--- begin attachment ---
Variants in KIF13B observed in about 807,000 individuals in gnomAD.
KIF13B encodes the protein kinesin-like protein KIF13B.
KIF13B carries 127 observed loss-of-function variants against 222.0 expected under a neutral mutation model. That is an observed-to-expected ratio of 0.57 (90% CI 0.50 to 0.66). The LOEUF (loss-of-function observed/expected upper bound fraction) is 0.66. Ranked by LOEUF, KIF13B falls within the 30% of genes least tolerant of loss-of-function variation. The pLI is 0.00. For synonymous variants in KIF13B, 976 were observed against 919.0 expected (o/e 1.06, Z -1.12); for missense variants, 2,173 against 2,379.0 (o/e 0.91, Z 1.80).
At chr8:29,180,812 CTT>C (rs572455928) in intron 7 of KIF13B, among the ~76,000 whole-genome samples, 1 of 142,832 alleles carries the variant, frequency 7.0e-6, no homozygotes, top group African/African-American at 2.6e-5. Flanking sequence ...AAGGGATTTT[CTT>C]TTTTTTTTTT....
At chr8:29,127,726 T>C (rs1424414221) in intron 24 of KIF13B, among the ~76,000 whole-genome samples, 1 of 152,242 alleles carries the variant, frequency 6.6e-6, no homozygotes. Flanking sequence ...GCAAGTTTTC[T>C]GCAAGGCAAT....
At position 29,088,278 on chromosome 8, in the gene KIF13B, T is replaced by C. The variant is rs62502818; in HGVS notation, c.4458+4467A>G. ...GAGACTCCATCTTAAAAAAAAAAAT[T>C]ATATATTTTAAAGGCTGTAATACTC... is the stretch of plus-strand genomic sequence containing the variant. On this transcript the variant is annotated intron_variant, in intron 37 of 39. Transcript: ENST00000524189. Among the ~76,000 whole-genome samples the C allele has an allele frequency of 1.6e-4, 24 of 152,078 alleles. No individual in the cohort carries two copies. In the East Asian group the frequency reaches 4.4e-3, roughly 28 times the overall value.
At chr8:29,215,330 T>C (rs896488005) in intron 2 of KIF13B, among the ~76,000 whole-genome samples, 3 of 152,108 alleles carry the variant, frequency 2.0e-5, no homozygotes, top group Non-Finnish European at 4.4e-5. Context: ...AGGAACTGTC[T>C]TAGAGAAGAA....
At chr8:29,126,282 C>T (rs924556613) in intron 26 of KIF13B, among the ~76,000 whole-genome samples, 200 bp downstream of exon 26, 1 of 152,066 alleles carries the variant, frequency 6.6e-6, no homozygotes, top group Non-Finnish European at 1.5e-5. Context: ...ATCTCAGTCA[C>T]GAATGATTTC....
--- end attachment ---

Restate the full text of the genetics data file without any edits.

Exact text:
Variants in KIF13B observed in about 807,000 individuals in gnomAD.
KIF13B encodes the protein kinesin-like protein KIF13B.
KIF13B carries 127 observed loss-of-function variants against 222.0 expected under a neutral mutation model. That is an observed-to-expected ratio of 0.57 (90% CI 0.50 to 0.66). The LOEUF (loss-of-function observed/expected upper bound fraction) is 0.66. Ranked by LOEUF, KIF13B falls within the 30% of genes least tolerant of loss-of-function variation. The pLI is 0.00. For synonymous variants in KIF13B, 976 were observed against 919.0 expected (o/e 1.06, Z -1.12); for missense variants, 2,173 against 2,379.0 (o/e 0.91, Z 1.80).
At chr8:29,180,812 CTT>C (rs572455928) in intron 7 of KIF13B, among the ~76,000 whole-genome samples, 1 of 142,832 alleles carries the variant, frequency 7.0e-6, no homozygotes, top group African/African-American at 2.6e-5. Flanking sequence ...AAGGGATTTT[CTT>C]TTTTTTTTTT....
At chr8:29,127,726 T>C (rs1424414221) in intron 24 of KIF13B, among the ~76,000 whole-genome samples, 1 of 152,242 alleles carries the variant, frequency 6.6e-6, no homozygotes. Flanking sequence ...GCAAGTTTTC[T>C]GCAAGGCAAT....
At position 29,088,278 on chromosome 8, in the gene KIF13B, T is replaced by C. The variant is rs62502818; in HGVS notation, c.4458+4467A>G. ...GAGACTCCATCTTAAAAAAAAAAAT[T>C]ATATATTTTAAAGGCTGTAATACTC... is the stretch of plus-strand genomic sequence containing the variant. On this transcript the variant is annotated intron_variant, in intron 37 of 39. Transcript: ENST00000524189. Among the ~76,000 whole-genome samples the C allele has an allele frequency of 1.6e-4, 24 of 152,078 alleles. No individual in the cohort carries two copies. In the East Asian group the frequency reaches 4.4e-3, roughly 28 times the overall value.
At chr8:29,215,330 T>C (rs896488005) in intron 2 of KIF13B, among the ~76,000 whole-genome samples, 3 of 152,108 alleles carry the variant, frequency 2.0e-5, no homozygotes, top group Non-Finnish European at 4.4e-5. Context: ...AGGAACTGTC[T>C]TAGAGAAGAA....
At chr8:29,126,282 C>T (rs924556613) in intron 26 of KIF13B, among the ~76,000 whole-genome samples, 200 bp downstream of exon 26, 1 of 152,066 alleles carries the variant, frequency 6.6e-6, no homozygotes, top group Non-Finnish European at 1.5e-5. Context: ...ATCTCAGTCA[C>T]GAATGATTTC....